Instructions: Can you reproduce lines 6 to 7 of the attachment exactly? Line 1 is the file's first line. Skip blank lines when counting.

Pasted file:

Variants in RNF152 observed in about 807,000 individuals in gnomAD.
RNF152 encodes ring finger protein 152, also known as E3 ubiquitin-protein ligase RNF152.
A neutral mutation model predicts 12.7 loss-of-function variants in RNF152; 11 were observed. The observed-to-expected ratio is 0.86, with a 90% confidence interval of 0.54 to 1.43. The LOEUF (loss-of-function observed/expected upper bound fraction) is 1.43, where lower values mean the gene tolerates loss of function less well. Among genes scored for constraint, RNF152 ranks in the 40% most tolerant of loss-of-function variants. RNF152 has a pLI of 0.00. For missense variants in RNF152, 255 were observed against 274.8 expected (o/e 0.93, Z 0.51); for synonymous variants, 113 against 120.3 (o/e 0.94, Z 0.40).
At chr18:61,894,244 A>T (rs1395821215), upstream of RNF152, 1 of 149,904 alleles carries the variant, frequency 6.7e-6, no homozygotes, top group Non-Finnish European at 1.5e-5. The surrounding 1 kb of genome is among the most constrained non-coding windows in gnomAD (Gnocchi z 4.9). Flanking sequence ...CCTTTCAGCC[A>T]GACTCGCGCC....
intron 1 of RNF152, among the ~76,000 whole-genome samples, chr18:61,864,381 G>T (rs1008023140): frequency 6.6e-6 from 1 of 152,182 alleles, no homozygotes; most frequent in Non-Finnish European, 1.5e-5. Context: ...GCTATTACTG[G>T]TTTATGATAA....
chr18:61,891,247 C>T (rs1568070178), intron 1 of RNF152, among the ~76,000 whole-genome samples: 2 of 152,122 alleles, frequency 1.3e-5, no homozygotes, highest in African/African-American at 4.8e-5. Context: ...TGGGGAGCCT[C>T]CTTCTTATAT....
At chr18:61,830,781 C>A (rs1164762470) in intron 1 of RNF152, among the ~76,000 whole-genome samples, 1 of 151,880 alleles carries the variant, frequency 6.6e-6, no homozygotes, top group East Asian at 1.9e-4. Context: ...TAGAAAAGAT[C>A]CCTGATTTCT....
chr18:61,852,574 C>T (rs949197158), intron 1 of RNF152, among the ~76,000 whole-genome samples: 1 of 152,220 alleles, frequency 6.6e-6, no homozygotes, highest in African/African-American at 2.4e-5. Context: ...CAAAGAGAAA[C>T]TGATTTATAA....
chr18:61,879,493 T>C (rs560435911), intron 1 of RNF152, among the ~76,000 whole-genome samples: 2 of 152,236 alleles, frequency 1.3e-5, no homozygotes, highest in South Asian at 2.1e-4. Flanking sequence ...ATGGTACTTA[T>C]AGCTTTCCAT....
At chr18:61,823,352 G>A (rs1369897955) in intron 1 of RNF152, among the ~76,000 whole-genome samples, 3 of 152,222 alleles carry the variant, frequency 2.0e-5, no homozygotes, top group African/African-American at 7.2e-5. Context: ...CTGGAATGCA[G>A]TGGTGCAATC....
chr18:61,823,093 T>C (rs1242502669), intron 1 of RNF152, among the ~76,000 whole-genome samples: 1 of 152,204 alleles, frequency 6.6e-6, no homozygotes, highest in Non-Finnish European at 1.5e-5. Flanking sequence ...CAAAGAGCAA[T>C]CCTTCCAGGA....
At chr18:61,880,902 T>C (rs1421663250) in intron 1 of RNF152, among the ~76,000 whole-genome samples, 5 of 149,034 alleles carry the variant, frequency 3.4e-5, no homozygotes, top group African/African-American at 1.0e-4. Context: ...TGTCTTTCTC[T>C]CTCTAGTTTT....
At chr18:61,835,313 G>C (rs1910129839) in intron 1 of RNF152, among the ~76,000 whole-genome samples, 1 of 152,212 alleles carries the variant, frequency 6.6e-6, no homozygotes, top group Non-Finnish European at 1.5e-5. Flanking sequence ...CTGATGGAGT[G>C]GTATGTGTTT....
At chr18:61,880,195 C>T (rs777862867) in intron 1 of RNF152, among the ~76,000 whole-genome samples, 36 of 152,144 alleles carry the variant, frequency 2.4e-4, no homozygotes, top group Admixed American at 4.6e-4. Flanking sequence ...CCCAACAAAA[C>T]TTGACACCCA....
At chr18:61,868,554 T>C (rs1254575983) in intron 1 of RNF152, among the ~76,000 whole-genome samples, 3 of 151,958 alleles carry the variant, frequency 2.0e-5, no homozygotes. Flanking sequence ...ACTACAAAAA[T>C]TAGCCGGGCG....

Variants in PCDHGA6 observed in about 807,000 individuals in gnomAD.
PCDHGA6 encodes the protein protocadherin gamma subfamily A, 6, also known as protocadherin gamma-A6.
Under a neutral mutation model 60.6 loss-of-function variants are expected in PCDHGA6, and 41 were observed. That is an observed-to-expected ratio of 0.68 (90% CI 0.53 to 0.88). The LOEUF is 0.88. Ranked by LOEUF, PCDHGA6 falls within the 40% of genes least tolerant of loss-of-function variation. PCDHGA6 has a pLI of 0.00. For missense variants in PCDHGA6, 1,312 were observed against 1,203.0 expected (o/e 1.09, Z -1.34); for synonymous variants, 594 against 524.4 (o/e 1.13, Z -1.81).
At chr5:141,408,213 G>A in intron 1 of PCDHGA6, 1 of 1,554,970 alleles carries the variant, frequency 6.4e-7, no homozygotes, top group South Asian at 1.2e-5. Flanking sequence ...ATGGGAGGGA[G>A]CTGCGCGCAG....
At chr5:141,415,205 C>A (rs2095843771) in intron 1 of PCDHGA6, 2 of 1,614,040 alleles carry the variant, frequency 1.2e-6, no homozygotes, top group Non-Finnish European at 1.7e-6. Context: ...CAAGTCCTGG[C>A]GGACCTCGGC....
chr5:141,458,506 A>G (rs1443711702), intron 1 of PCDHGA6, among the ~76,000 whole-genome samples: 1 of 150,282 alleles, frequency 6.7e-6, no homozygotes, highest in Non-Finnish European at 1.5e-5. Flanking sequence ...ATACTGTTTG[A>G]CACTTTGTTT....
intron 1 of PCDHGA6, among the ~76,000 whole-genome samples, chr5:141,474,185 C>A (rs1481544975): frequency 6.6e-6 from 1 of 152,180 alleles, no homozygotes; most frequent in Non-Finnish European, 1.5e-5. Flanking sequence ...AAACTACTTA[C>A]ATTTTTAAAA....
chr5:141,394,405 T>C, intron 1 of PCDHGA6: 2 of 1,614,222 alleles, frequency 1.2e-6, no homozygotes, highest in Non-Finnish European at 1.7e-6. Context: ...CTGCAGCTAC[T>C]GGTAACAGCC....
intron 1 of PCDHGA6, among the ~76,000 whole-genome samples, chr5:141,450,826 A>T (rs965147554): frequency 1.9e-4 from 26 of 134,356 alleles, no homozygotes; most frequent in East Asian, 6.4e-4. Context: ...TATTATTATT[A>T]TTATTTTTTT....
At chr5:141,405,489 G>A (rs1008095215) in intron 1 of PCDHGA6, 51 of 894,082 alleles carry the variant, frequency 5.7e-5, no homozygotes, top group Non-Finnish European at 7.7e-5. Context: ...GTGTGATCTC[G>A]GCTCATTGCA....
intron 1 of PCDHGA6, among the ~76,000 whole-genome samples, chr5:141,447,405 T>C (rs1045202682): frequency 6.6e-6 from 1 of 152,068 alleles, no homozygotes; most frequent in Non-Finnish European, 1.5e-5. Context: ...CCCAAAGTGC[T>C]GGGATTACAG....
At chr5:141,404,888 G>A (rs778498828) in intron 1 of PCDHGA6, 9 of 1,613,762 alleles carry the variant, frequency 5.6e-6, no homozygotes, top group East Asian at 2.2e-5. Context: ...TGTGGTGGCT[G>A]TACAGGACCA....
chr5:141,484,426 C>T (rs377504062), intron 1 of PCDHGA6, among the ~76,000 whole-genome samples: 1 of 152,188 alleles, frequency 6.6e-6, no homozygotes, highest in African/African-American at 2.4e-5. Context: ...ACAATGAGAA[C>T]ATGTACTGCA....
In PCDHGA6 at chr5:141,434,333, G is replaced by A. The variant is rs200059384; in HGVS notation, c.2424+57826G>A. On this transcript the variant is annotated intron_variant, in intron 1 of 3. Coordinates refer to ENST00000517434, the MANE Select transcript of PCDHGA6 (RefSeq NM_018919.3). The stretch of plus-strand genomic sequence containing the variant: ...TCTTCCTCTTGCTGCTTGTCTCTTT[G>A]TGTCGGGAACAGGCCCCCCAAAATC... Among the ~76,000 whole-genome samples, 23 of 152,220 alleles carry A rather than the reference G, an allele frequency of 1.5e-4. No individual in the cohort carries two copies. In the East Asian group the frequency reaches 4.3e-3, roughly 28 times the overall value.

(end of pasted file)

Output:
chr18:61,891,247 C>T (rs1568070178), intron 1 of RNF152, among the ~76,000 whole-genome samples: 2 of 152,122 alleles, frequency 1.3e-5, no homozygotes, highest in African/African-American at 4.8e-5. Context: ...TGGGGAGCCT[C>T]CTTCTTATAT....
At chr18:61,830,781 C>A (rs1164762470) in intron 1 of RNF152, among the ~76,000 whole-genome samples, 1 of 151,880 alleles carries the variant, frequency 6.6e-6, no homozygotes, top group East Asian at 1.9e-4. Context: ...TAGAAAAGAT[C>A]CCTGATTTCT....